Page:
Almost seven decades after the Hiroshima and Nagasaki bombings, U.S. and Japanese scientists are still collecting and analyzing data from atomic-bomb survivors and their children, and publishing studies.
HIROSHIMA, Japan —
Ikuko Murai remembers when the American Jeeps would come after school to take her and other young survivors to a lab at the top of a hill. This was the 1950s, a few years after the atomic bombing of Hiroshima.
“They examined my head and measured my height,” she said in an interview this week. “At that time, Japan still had nothing, so I still remember the candy they gave us, with Disney characters on the wrappers.”
Murai had been an infant when the U.S. bomber Enola Gay flew over Hiroshima on Aug. 6, 1945, unleashing the first nuclear weapon dropped in war. Now 71, she spends her days as a volunteer at the Hiroshima Peace Memorial Museum, donning a green shirt and explaining how she survived while the blast and radiation effects left 140,000 dead within months.
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Such oral histories are a key part of World War II’s legacy. But in the years right after the destruction, American scientists knew that the bodies of Murai and other survivors would also have stories to tell about the bombing — and began collecting data on them.
Almost seven decades later, some U.S. scientists — working side-by-side with Japanese colleagues — are still up in Hiroshima’s foothills at the Radiation Effects Research Foundation (RERF), collecting and analyzing data from hundreds of thousands of A-bomb survivors, their children and control subjects, and publishing studies on their findings.
While largely unheralded outside scientific circles, and unknown even to many younger Hiroshima residents, the researchers’ joint efforts are a unique example of how the two former adversaries forged a collaboration amid the ashes of hate and war, creating a project to benefit people worldwide.
With funding from the U.S. and Japanese governments, foundation scientists have produced a body of knowledge that has become the basis for radiation-exposure guidelines for X-ray technicians, airline pilots and nuclear-power-plant workers around the globe.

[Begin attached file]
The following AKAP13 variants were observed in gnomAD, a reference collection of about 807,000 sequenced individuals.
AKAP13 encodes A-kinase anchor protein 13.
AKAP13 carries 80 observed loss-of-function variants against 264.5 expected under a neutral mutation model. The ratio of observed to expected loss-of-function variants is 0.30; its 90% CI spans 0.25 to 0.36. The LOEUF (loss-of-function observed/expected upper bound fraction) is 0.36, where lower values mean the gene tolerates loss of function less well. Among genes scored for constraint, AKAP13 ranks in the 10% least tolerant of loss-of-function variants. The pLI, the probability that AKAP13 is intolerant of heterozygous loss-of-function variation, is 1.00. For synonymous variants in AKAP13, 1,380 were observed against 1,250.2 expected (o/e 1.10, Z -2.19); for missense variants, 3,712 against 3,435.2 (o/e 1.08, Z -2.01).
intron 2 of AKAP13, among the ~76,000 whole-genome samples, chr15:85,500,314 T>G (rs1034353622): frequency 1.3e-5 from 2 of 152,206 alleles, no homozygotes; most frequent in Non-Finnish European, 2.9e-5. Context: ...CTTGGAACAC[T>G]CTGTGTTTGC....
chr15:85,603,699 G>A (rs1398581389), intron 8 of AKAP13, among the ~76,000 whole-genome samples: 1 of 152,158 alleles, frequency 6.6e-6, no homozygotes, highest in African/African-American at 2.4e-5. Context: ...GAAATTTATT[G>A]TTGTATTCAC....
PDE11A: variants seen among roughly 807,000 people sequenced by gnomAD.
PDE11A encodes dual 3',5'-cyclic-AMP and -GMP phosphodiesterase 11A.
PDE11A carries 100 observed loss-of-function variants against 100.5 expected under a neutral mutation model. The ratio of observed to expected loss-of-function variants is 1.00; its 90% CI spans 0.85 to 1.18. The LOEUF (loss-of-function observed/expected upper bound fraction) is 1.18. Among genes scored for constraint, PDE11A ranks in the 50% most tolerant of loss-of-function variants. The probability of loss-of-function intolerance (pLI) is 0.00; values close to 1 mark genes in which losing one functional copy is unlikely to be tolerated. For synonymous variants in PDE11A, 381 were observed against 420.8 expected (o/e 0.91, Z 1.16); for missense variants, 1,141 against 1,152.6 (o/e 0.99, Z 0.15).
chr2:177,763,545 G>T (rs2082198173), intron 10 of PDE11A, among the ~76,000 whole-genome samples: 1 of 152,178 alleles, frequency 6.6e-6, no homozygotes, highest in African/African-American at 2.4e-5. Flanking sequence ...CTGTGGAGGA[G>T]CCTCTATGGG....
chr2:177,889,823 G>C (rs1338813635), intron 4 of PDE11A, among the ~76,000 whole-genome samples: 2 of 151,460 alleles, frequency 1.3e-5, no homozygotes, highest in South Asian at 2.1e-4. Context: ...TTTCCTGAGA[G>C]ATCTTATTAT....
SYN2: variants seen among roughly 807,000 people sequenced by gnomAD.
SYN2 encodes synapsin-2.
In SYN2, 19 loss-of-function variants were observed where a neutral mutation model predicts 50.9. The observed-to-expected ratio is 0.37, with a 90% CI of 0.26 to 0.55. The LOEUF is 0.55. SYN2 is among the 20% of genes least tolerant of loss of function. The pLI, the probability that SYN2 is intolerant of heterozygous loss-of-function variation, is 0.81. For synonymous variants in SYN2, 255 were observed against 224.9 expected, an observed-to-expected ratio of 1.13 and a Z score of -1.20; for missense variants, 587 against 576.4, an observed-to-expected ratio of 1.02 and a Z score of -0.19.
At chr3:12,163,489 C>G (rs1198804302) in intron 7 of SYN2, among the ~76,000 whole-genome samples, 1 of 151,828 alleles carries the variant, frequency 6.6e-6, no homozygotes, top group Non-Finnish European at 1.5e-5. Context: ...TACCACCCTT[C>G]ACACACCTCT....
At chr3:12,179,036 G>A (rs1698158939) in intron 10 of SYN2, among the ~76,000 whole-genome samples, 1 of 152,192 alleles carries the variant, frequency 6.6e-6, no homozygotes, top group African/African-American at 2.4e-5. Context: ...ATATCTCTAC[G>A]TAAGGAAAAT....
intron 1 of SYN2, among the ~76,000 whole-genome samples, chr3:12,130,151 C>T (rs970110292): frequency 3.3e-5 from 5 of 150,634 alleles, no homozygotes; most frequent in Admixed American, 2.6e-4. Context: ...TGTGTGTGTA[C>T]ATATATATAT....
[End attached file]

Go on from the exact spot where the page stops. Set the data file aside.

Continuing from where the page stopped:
RERF studies have clarified the links between radiation and not just cancer, but also cardiovascular disease and other ailments. And researchers’ expertise has been tapped to deal with emergencies such as the 2011 meltdown at Japan’s Fukushima nuclear-power plant.
“This is a treasure-trove for the world for research,” said Eric Grant, the foundation’s associate chief of research, who has spent two decades in Hiroshima. “There are basically no studies that have tracked such a large group for so long.”
For almost 60 years, more than 20,000 atomic-bomb survivors have been tracked in the foundation’s Adult Health Study, coming in every two years for physical exams, electrocardiograms, chest X-rays, ultrasounds and biochemical tests.
They are among 120,000 people in the foundation’s Life Span Study, an effort that tracks hospital and death records, aiming to investigate the long-term effects of atomic-bomb radiation on cancer and causes of mortality.
Participation rates in the study have hovered between 70 and 80 percent for decades, a remarkable feat, considering that subjects are not paid and do not receive any direct medical care from the foundation. Treatment is left to doctors at local hospitals.
The continued willingness of survivors to participate is all the more notable given that the foundation’s predecessor organization — a U.S.-funded entity, the Atomic Bomb Casualty Commission (ABCC) — was initially regarded by many with suspicion, even hostility.
“They would not treat the patients. So the people felt that we were guinea pigs twice — first as targets of bombing and secondly as a sample for scientific medical research,” recalled Setsuko Thurlow, who was 13 when Hiroshima was bombed.
“A close friend of mine as a child was taken to ABCC occasionally. In front of the (male) medical staff, she had to undress, totally naked,” said Thurlow, who ended up marrying a Canadian. “She still remembers the sense of shame and embarrassment and talks about it even today.”